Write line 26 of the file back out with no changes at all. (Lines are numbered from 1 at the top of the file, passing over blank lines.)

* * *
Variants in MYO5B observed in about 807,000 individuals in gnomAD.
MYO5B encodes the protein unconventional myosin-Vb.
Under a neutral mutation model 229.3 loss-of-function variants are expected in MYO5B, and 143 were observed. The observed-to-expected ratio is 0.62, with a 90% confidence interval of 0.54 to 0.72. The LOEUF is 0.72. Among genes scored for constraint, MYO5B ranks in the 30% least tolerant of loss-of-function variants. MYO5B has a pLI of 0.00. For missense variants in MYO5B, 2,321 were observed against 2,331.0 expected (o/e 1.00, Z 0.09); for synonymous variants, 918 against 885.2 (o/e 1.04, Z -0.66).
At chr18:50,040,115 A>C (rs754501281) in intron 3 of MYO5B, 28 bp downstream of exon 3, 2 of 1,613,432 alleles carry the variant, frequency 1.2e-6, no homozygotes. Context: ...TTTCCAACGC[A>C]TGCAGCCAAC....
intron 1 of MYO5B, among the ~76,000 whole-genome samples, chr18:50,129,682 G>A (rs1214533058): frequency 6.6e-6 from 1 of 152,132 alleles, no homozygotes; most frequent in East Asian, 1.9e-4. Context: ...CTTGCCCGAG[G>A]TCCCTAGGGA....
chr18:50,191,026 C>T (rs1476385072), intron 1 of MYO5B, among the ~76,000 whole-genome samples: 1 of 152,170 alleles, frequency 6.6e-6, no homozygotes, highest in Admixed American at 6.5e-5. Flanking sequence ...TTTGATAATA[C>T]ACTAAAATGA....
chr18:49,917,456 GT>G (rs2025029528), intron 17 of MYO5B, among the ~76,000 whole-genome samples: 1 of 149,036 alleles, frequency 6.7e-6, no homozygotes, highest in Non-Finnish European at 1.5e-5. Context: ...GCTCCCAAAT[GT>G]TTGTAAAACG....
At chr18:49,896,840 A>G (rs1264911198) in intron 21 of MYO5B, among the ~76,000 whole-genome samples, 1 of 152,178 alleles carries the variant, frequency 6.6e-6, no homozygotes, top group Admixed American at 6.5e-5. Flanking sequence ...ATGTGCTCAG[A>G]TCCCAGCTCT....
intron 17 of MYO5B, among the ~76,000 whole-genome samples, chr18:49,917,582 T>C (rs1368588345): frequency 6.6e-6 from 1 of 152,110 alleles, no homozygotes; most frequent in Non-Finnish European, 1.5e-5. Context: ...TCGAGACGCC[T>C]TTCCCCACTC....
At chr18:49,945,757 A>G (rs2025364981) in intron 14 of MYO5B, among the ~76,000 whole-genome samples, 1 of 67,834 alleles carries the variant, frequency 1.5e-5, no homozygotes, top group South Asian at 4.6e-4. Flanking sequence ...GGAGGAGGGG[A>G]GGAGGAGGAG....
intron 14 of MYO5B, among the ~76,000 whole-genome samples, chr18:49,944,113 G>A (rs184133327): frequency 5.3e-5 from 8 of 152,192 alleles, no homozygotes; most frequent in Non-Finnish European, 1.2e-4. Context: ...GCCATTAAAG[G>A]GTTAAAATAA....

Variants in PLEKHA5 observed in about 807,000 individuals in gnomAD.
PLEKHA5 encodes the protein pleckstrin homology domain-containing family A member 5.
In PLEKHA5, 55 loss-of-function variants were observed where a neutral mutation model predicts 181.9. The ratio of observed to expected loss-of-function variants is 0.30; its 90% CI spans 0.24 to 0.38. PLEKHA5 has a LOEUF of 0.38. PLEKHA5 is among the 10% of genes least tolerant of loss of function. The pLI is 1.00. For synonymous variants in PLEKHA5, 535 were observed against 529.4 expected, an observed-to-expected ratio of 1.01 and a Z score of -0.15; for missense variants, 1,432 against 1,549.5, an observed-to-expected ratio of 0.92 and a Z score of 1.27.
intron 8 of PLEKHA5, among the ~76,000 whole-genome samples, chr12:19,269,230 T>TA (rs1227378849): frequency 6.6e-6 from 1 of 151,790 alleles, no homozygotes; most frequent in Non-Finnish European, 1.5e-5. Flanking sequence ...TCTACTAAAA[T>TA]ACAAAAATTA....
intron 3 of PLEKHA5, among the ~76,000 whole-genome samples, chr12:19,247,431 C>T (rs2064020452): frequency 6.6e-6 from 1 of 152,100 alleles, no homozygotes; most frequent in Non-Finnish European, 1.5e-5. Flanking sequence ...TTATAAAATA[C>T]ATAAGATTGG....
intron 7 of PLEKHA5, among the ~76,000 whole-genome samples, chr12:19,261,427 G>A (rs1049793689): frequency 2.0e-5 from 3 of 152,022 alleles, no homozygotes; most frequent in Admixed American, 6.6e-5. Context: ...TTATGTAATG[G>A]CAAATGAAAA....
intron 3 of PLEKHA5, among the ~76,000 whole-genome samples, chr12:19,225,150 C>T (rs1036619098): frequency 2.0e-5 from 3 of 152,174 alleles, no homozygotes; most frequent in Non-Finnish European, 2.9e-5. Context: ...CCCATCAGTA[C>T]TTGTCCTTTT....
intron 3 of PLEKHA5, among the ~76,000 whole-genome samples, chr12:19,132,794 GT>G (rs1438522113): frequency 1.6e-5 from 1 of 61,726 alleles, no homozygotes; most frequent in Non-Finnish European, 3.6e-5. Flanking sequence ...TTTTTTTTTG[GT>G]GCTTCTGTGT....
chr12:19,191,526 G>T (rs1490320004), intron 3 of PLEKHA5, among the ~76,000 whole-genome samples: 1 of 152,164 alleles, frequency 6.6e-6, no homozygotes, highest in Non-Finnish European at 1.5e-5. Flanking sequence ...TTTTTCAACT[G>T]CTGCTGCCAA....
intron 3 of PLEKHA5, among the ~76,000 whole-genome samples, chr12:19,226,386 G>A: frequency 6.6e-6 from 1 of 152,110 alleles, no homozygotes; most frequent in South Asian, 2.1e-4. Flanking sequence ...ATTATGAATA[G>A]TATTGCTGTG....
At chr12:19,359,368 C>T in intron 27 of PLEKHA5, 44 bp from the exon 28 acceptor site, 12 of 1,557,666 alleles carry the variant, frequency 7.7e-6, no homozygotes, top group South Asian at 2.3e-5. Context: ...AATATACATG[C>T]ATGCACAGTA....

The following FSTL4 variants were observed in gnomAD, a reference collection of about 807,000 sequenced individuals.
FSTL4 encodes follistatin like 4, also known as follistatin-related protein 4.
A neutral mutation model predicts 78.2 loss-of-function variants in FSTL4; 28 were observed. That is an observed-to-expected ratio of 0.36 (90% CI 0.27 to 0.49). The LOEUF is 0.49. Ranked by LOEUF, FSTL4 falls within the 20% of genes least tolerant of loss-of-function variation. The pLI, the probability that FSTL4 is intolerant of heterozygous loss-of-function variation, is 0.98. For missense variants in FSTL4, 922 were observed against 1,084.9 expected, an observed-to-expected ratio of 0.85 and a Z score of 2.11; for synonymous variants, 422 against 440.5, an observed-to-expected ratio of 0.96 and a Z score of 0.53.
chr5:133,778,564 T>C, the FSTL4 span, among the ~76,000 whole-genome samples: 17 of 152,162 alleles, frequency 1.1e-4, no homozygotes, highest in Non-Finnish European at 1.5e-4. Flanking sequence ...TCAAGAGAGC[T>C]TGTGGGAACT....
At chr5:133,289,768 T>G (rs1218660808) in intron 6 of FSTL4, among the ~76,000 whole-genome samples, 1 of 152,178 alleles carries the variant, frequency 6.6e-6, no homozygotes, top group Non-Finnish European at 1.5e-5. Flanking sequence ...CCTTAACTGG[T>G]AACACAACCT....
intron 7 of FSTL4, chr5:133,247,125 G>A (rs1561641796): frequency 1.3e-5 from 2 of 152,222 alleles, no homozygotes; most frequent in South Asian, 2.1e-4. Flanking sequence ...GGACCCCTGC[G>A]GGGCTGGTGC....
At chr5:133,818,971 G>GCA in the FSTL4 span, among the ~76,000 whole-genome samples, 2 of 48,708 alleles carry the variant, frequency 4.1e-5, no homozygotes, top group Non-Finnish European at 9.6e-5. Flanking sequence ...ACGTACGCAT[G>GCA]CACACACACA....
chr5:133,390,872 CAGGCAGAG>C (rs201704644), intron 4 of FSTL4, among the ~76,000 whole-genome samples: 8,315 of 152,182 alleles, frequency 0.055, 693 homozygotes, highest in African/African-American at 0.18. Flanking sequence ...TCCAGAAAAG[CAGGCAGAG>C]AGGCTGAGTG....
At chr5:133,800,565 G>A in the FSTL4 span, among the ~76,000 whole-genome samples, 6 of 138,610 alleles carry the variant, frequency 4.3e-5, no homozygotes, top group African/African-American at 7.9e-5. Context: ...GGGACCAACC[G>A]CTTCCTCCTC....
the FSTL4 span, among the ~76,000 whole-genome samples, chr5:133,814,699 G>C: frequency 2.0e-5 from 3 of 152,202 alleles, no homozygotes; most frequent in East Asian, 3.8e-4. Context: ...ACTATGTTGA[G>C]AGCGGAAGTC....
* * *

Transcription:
chr5:133,778,564 T>C, the FSTL4 span, among the ~76,000 whole-genome samples: 17 of 152,162 alleles, frequency 1.1e-4, no homozygotes, highest in Non-Finnish European at 1.5e-4. Flanking sequence ...TCAAGAGAGC[T>C]TGTGGGAACT....